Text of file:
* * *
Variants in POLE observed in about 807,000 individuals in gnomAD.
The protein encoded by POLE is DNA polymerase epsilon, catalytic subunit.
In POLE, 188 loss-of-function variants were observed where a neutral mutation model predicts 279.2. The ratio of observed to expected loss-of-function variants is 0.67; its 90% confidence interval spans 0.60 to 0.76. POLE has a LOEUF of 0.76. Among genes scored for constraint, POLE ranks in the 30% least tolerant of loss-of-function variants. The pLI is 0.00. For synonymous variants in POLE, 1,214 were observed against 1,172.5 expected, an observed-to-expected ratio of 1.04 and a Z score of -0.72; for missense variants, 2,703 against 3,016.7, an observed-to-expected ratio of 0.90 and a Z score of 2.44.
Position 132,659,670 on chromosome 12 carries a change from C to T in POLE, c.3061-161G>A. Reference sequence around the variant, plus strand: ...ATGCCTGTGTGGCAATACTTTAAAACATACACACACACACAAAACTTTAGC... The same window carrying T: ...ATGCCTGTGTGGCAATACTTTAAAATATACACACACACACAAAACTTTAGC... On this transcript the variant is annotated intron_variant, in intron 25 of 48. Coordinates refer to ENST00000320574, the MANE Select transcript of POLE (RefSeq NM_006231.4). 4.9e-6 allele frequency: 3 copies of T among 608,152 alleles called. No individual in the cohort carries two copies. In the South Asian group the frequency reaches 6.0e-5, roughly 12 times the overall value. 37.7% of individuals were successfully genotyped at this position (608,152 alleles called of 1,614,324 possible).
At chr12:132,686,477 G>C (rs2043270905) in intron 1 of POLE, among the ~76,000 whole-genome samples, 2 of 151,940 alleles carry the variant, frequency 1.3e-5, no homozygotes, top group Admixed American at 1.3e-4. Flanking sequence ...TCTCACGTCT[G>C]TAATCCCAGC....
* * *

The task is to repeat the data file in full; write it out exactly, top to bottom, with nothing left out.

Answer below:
Variants in POLE observed in about 807,000 individuals in gnomAD.
The protein encoded by POLE is DNA polymerase epsilon, catalytic subunit.
In POLE, 188 loss-of-function variants were observed where a neutral mutation model predicts 279.2. The ratio of observed to expected loss-of-function variants is 0.67; its 90% confidence interval spans 0.60 to 0.76. POLE has a LOEUF of 0.76. Among genes scored for constraint, POLE ranks in the 30% least tolerant of loss-of-function variants. The pLI is 0.00. For synonymous variants in POLE, 1,214 were observed against 1,172.5 expected, an observed-to-expected ratio of 1.04 and a Z score of -0.72; for missense variants, 2,703 against 3,016.7, an observed-to-expected ratio of 0.90 and a Z score of 2.44.
Position 132,659,670 on chromosome 12 carries a change from C to T in POLE, c.3061-161G>A. Reference sequence around the variant, plus strand: ...ATGCCTGTGTGGCAATACTTTAAAACATACACACACACACAAAACTTTAGC... The same window carrying T: ...ATGCCTGTGTGGCAATACTTTAAAATATACACACACACACAAAACTTTAGC... On this transcript the variant is annotated intron_variant, in intron 25 of 48. Coordinates refer to ENST00000320574, the MANE Select transcript of POLE (RefSeq NM_006231.4). 4.9e-6 allele frequency: 3 copies of T among 608,152 alleles called. No individual in the cohort carries two copies. In the South Asian group the frequency reaches 6.0e-5, roughly 12 times the overall value. 37.7% of individuals were successfully genotyped at this position (608,152 alleles called of 1,614,324 possible).
At chr12:132,686,477 G>C (rs2043270905) in intron 1 of POLE, among the ~76,000 whole-genome samples, 2 of 151,940 alleles carry the variant, frequency 1.3e-5, no homozygotes, top group Admixed American at 1.3e-4. Flanking sequence ...TCTCACGTCT[G>C]TAATCCCAGC....